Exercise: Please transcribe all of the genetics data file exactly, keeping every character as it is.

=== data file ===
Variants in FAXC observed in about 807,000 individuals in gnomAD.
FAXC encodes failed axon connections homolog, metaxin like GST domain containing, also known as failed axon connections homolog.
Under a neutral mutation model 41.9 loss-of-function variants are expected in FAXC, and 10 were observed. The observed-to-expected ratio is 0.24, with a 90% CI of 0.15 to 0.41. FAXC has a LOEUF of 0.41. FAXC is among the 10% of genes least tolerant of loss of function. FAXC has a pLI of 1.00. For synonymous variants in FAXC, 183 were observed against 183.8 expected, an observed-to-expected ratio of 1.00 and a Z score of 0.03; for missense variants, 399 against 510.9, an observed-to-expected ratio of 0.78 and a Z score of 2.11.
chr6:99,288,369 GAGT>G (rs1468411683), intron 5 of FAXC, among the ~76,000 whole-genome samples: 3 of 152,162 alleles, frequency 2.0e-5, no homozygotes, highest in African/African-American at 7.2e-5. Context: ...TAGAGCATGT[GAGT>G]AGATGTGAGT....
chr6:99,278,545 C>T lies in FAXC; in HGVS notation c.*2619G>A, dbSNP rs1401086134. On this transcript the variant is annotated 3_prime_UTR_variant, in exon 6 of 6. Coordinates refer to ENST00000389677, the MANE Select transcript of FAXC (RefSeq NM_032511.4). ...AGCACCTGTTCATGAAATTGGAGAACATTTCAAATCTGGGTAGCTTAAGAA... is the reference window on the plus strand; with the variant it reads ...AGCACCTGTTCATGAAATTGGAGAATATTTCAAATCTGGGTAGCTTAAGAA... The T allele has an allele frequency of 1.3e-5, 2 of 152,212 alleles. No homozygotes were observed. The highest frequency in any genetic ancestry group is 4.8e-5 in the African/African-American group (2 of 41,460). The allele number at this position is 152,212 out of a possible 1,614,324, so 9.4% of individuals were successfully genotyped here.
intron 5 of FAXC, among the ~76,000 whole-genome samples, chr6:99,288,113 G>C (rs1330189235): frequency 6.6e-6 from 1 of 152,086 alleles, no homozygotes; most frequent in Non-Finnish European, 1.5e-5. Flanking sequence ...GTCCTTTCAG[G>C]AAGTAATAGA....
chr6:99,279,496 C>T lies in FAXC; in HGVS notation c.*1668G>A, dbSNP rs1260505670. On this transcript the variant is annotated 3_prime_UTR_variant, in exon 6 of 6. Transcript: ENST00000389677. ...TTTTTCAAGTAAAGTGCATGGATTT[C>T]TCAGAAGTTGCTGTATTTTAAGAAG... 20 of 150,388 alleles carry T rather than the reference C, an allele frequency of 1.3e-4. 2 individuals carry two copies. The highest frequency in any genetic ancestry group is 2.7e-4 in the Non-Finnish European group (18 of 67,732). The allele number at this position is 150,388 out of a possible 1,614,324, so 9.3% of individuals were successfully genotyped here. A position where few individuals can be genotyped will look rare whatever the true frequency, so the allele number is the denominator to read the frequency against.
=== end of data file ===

Variants in FAXC observed in about 807,000 individuals in gnomAD.
FAXC encodes failed axon connections homolog, metaxin like GST domain containing, also known as failed axon connections homolog.
Under a neutral mutation model 41.9 loss-of-function variants are expected in FAXC, and 10 were observed. The observed-to-expected ratio is 0.24, with a 90% CI of 0.15 to 0.41. FAXC has a LOEUF of 0.41. FAXC is among the 10% of genes least tolerant of loss of function. FAXC has a pLI of 1.00. For synonymous variants in FAXC, 183 were observed against 183.8 expected, an observed-to-expected ratio of 1.00 and a Z score of 0.03; for missense variants, 399 against 510.9, an observed-to-expected ratio of 0.78 and a Z score of 2.11.
chr6:99,288,369 GAGT>G (rs1468411683), intron 5 of FAXC, among the ~76,000 whole-genome samples: 3 of 152,162 alleles, frequency 2.0e-5, no homozygotes, highest in African/African-American at 7.2e-5. Context: ...TAGAGCATGT[GAGT>G]AGATGTGAGT....
chr6:99,278,545 C>T lies in FAXC; in HGVS notation c.*2619G>A, dbSNP rs1401086134. On this transcript the variant is annotated 3_prime_UTR_variant, in exon 6 of 6. Coordinates refer to ENST00000389677, the MANE Select transcript of FAXC (RefSeq NM_032511.4). ...AGCACCTGTTCATGAAATTGGAGAACATTTCAAATCTGGGTAGCTTAAGAA... is the reference window on the plus strand; with the variant it reads ...AGCACCTGTTCATGAAATTGGAGAATATTTCAAATCTGGGTAGCTTAAGAA... The T allele has an allele frequency of 1.3e-5, 2 of 152,212 alleles. No homozygotes were observed. The highest frequency in any genetic ancestry group is 4.8e-5 in the African/African-American group (2 of 41,460). The allele number at this position is 152,212 out of a possible 1,614,324, so 9.4% of individuals were successfully genotyped here.
intron 5 of FAXC, among the ~76,000 whole-genome samples, chr6:99,288,113 G>C (rs1330189235): frequency 6.6e-6 from 1 of 152,086 alleles, no homozygotes; most frequent in Non-Finnish European, 1.5e-5. Flanking sequence ...GTCCTTTCAG[G>C]AAGTAATAGA....
chr6:99,279,496 C>T lies in FAXC; in HGVS notation c.*1668G>A, dbSNP rs1260505670. On this transcript the variant is annotated 3_prime_UTR_variant, in exon 6 of 6. Transcript: ENST00000389677. ...TTTTTCAAGTAAAGTGCATGGATTT[C>T]TCAGAAGTTGCTGTATTTTAAGAAG... 20 of 150,388 alleles carry T rather than the reference C, an allele frequency of 1.3e-4. 2 individuals carry two copies. The highest frequency in any genetic ancestry group is 2.7e-4 in the Non-Finnish European group (18 of 67,732). The allele number at this position is 150,388 out of a possible 1,614,324, so 9.3% of individuals were successfully genotyped here. A position where few individuals can be genotyped will look rare whatever the true frequency, so the allele number is the denominator to read the frequency against.